On less than transcon or trans-oceanic flights an aisle chair user is well-advised to also be able to hold it really, really well or have some kind of catheter & bag arrangement.

Sad but true.

Thank you all. The info and suggestions are going to be helpful in making my decision. Fortunately I have time since the trip I am thinking about is not until June

I almost always book online and I don’t think you need to call to arrange special accommodations. The airline and travel booking sites I’ve used all have sections to specify whether you have any special needs.

I’m glad someone else is saying it too.

We recently went through some wheelchair issues when my grandmother took a flight within the US. Things went badly enough that I researched a bit of the laws and regulations that describe the airline’s responsibilities to passengers needing assistance. In short, there is the law and then there is how the real world works.

The law says you do not have to provide advanced notice to the airline. Reality says it is highly advised.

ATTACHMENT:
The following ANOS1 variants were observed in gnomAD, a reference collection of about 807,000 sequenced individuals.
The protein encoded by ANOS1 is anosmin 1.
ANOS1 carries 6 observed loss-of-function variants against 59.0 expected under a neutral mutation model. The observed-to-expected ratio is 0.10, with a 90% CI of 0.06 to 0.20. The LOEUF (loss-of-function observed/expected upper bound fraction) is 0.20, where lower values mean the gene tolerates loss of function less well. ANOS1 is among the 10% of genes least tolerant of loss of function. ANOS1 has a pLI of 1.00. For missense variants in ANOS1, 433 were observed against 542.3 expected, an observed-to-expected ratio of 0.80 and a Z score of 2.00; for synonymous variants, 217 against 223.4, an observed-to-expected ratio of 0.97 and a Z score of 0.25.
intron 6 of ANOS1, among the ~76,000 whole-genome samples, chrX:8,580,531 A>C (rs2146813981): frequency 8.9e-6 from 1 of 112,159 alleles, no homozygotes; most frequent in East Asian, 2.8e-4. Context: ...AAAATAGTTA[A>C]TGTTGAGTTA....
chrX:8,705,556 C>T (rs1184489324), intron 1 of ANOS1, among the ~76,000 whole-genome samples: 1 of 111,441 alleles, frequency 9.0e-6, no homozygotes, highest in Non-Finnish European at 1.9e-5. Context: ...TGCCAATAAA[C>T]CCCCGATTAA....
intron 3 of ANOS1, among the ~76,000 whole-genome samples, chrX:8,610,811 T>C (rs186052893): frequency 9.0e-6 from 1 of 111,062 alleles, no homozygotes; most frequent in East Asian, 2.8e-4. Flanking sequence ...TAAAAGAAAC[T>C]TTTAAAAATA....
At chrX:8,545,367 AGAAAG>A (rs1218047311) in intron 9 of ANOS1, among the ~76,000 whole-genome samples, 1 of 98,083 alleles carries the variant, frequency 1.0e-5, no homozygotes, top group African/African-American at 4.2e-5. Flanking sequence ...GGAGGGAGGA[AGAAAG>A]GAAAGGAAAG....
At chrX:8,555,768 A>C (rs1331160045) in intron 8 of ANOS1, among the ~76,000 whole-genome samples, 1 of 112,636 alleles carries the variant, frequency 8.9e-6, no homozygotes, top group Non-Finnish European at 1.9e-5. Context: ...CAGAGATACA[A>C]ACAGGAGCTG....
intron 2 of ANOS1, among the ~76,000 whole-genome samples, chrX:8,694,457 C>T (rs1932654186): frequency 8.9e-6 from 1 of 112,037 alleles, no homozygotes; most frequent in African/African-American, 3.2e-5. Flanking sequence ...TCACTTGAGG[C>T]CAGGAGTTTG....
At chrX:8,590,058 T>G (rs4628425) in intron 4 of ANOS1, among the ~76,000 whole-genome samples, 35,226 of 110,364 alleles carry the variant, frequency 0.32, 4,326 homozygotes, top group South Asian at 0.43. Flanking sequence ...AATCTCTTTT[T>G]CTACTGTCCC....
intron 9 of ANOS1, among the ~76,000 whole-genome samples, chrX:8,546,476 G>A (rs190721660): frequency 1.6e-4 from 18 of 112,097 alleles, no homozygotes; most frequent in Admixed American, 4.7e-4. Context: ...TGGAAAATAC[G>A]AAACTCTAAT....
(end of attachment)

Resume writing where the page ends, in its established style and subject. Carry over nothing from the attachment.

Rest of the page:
The law says the airline must provide an attendant and wheelchair for needed assistance to reach the boarding gate and to change gates. They must not leave the passenger unattended for more than 30 minutes. Reality says they will drop you at the gate and leave you on your own regardless of how long until your flight boards.

The law says the airline cannot charge the passenger for wheelchair assistance. In reality the airlines realize this is one area they cannot get away with adding fees.

The law provides that the airline can require you to check in at least one hour before your flight if you need a battery powered wheelchair transported. In reality, checking in MUCH earlier is essential. In the unlikely event that there is room in the cabin a power wheelchair can be stored in a closet. More likely it will need to be checked as baggage.

The battery needs to be non-spillable and labelled accordingly by the manufacturer and if so the airline cannot by law require the battery to be removed and separately packaged.